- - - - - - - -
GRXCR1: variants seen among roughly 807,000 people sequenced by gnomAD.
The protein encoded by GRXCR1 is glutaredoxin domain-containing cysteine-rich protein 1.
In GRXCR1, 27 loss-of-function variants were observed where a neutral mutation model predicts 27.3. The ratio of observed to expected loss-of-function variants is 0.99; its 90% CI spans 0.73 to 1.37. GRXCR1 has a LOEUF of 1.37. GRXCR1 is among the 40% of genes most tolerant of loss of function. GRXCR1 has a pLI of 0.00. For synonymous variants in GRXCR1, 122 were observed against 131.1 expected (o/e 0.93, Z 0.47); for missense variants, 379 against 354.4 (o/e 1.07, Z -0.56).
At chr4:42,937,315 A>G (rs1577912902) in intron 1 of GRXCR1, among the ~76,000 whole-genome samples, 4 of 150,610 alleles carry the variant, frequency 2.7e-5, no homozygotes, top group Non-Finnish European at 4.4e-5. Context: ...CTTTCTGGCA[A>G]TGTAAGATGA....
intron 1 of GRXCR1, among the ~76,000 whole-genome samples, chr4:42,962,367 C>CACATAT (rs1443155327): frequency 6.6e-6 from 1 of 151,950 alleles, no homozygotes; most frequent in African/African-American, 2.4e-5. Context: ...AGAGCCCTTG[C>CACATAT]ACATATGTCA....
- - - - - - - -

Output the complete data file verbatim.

GRXCR1: variants seen among roughly 807,000 people sequenced by gnomAD.
The protein encoded by GRXCR1 is glutaredoxin domain-containing cysteine-rich protein 1.
In GRXCR1, 27 loss-of-function variants were observed where a neutral mutation model predicts 27.3. The ratio of observed to expected loss-of-function variants is 0.99; its 90% CI spans 0.73 to 1.37. GRXCR1 has a LOEUF of 1.37. GRXCR1 is among the 40% of genes most tolerant of loss of function. GRXCR1 has a pLI of 0.00. For synonymous variants in GRXCR1, 122 were observed against 131.1 expected (o/e 0.93, Z 0.47); for missense variants, 379 against 354.4 (o/e 1.07, Z -0.56).
At chr4:42,937,315 A>G (rs1577912902) in intron 1 of GRXCR1, among the ~76,000 whole-genome samples, 4 of 150,610 alleles carry the variant, frequency 2.7e-5, no homozygotes, top group Non-Finnish European at 4.4e-5. Context: ...CTTTCTGGCA[A>G]TGTAAGATGA....
intron 1 of GRXCR1, among the ~76,000 whole-genome samples, chr4:42,962,367 C>CACATAT (rs1443155327): frequency 6.6e-6 from 1 of 151,950 alleles, no homozygotes; most frequent in African/African-American, 2.4e-5. Context: ...AGAGCCCTTG[C>CACATAT]ACATATGTCA....